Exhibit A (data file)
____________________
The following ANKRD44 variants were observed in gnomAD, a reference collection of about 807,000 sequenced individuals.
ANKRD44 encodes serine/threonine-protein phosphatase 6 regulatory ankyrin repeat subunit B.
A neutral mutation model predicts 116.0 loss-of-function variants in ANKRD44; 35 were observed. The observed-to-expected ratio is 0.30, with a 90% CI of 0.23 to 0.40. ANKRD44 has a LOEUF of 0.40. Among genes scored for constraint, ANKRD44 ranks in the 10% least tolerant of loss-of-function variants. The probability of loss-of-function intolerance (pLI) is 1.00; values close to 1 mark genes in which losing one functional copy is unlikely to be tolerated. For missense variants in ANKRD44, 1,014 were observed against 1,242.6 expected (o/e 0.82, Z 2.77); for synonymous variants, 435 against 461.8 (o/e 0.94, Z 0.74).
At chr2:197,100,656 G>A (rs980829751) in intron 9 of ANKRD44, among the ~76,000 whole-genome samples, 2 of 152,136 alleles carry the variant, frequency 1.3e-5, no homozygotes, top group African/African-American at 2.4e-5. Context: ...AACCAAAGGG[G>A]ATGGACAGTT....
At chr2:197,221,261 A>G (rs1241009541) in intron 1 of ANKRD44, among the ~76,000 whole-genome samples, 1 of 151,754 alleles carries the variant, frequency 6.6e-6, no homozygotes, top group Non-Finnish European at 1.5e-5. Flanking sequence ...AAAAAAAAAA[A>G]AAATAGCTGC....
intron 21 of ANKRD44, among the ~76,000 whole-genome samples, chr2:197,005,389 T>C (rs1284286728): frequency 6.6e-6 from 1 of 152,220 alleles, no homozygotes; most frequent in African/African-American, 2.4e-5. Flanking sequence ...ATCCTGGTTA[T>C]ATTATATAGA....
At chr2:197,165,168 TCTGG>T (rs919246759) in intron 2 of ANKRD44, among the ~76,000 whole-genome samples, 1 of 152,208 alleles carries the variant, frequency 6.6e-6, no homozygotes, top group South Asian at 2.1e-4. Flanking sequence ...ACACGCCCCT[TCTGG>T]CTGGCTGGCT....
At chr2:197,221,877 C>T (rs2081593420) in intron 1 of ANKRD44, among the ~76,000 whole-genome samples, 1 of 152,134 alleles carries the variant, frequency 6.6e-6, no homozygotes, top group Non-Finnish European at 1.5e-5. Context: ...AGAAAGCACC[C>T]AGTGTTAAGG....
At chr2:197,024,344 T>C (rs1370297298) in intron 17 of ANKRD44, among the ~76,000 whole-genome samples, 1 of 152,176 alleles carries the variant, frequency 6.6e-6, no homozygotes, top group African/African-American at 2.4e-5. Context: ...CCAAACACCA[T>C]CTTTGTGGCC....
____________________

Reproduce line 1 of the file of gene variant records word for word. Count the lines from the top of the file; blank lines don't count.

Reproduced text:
The following ANKRD44 variants were observed in gnomAD, a reference collection of about 807,000 sequenced individuals.